This essays looks briefly at the similarities and differences between the characters of Cunégonde and the old woman in Voltaire’s satire.
Voltaire’s Candide is a very funny satire that skewers the Optimistic attitude that “this is the best of all possible worlds.” Obviously, considering the horrific events Candide goes through, this isn’t the best of anything.
Candide has several companions in his misadventures, notably Dr. Pangloss, his mentor and tutor; and Cacambo, his servant. Of the women in the tale, two are most important: Cunégonde, the woman Candide loves, and the old woman, whom he meets on his travels.
This paper will compare and contrast the way the two women are presented in the novel.
Cunégonde is Candide’s true love. She is the daughter of the Baron Thunder-ten-tronckh, who raised Candide in his castle. She is beautiful, desirable, and despite all the horrible things that happen to her, she is fearfully dull. She is raped and cut open by Bulgarian soldiers (she notes it isn’t always necessary to die from such treatment); sold to numerous men as a sexual plaything; reunited with Candide; parted from him; and reunited again at the end of the book. She isn’t very bright, and she’s essentially passive as a doormat. She fights her Bulgarian rapist, but as soon as she’s rescued (by a Bulgarian captain, not Candide) she becomes his willing servant and his lover.
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When he grows tired of her, he sells her to a Jew named Don Issachar, who adores women. But soon after that she catches the eye of the Grand Inquisitor, who also wants her. The two men work out an arrangement whereby Don Issachar visits her Monday, Wednesday and the Sabbath; the Grand Inquisitor has the other four days of the week, though there have been some arguments, apparently, about when the Sabbath begins and ends.
Soon after Cunégonde tells Candide her tale, Don Issachar shows up. He immediately attacks Candide, and Candide kills him. A few moments later, the Grand Inquisitor arrives, and Candide figures that he’ll turn them in, so he kills him, too. Then he, Cunégonde and the old woman escape from the scene. When they arrive at an inn, Cunégonde comment is “Where will I find another Jew and another inquisitor to give me more jewels?” She is for sale to the highest bidder; she also has the brains of a flea, and because Candide is a bright young man, his devotion to her is ridiculous; a satirical example of men’s weakness for women.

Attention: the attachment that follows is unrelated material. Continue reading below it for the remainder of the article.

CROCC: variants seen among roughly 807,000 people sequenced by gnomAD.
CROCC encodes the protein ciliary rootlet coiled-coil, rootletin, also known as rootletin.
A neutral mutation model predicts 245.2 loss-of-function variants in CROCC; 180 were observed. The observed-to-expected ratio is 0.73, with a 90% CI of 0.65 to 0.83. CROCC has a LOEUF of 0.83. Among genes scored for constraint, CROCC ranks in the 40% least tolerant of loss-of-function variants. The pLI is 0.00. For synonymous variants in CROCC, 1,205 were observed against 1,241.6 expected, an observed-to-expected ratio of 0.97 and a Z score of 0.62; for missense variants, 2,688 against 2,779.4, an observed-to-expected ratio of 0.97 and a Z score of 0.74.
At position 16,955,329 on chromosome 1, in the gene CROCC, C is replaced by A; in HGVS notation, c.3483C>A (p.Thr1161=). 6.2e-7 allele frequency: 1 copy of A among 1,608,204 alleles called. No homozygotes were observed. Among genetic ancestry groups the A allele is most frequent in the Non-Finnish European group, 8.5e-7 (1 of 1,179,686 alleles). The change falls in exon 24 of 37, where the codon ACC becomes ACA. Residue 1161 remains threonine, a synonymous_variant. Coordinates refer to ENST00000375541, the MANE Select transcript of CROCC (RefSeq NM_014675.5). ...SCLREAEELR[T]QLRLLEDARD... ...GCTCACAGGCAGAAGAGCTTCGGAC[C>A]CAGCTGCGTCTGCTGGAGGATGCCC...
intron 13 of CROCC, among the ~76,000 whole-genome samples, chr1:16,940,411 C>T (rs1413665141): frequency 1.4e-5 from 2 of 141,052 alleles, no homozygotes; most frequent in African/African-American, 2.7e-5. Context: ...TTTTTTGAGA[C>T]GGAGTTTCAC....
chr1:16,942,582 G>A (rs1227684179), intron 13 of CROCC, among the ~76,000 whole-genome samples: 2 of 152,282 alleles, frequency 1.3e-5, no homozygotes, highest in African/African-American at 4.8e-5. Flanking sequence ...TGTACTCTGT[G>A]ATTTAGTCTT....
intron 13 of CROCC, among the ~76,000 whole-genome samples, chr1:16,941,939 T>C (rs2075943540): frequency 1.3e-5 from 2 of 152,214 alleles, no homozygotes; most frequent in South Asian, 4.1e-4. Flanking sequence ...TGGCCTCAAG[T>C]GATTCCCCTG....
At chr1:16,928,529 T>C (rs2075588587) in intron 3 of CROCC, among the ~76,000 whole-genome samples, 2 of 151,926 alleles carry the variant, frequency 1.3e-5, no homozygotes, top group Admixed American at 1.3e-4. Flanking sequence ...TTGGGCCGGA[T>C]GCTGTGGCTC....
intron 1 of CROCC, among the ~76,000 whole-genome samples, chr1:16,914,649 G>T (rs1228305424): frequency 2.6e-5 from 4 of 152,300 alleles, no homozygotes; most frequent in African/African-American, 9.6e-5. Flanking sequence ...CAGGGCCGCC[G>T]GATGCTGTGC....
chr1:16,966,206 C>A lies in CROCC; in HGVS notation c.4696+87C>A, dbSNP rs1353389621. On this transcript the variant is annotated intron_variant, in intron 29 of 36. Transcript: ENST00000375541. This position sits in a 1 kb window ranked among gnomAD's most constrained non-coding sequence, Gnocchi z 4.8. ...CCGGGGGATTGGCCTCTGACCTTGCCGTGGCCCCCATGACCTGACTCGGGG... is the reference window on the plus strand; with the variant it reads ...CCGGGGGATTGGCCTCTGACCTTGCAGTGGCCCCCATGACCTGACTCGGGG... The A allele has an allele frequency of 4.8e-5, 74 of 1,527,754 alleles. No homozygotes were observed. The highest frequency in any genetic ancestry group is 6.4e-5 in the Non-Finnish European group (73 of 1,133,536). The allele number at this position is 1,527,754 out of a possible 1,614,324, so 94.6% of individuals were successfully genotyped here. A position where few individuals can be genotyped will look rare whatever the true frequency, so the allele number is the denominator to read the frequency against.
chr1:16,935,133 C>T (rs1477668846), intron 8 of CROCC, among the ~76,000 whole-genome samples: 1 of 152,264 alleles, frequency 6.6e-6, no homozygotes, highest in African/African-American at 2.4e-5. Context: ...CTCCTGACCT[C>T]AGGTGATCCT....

IIIThe Old Woman
The old woman is a much livelier character, despite the fact that she’s so much older, and despite the fact that she has been through many of the same ordeals as the younger woman: she has been raped numerous times, sold far more often than Cunégonde, and even had one buttock cut off to feed the janissaries that were defending her and other women of a harem. The daughter of Pope Urban X, she has been raised in luxury only to fall prey to pirates and sold into slavery. But she meets his misfortunes with an energy and drive that Cunégonde lacks. She even says at one point: “I have been a hundred times upon the point of killing myself, but still I was fond of life.” (Voltaire, PG).
The greatest difference between the two lies in the old woman’s active stance, as contrasted with Cunégonde’s passivity. We learn that the old woman was sold at last to a Boyard, who put her to work in the fields and lashed her every day. But instead of simply assuming this was her lot in life, she did something about it: “But this nobleman having about two years afterwards been broken alive upon the wheel, with about thirty others, for some court intrigues, I took advantage of the event, and made my escape.” (Voltaire, PG).
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After escaping, she tells us, she traveled through many different countries, making her living as a servant at various inns and hostels. In this too she is different from Cunégonde, who has been satisfied to allow men to keep her. She has lived a live that is actually much harder than Cunegonde’s, because the latter has been sheltered and cared for by men who wanted her for her beauty and sexual charms, which meant that she was well-treated (if any woman being sold against her will can be said to be well-treated).
Still, both Don Issachar and the Grand Inquisitor gave her rich gifts, good food and fine wine; no one did such things for the older woman. True, they were both little better than slaves, but Cunégonde accepted her chains while the old woman fought hers.
Finally, as she finishes relating her tale, the old woman says “I have a great deal of knowledge and experience in the world…” (Voltaire, PG).
And that may be the biggest difference of all. Cunégonde, as I say, is not very bright, and so the things that she’s been through mean little to her, and she hasn’t learned much from them. But the old woman has gained a great deal of experience, and furthermore, put it to use. She has escaped from the Boyard and made a living for herself in many different countries, surely not an easy thing to do.
The women in Candide, in general, suffer a great deal of physical hardship. Rape abounds, as does torture, mutilation and other types of general mayhem. But they react to their misfortunes very differently.
Cunégonde accepts whatever happens to her passively; indeed, one gets the impression that she simply lets events roll over her, neither noticing nor caring much what happens. The old woman, however, is very much aware of what’s going on, and she actively involves herself with events. In so doing, she becomes the more attractive character.
Voltaire. Candide. [On-line]. The On-Line Literature Library [Web site]. 29 Jun 1999. Accessed: 3 May 2003. http://www.literature.org/authors/voltaire/candide/index.html
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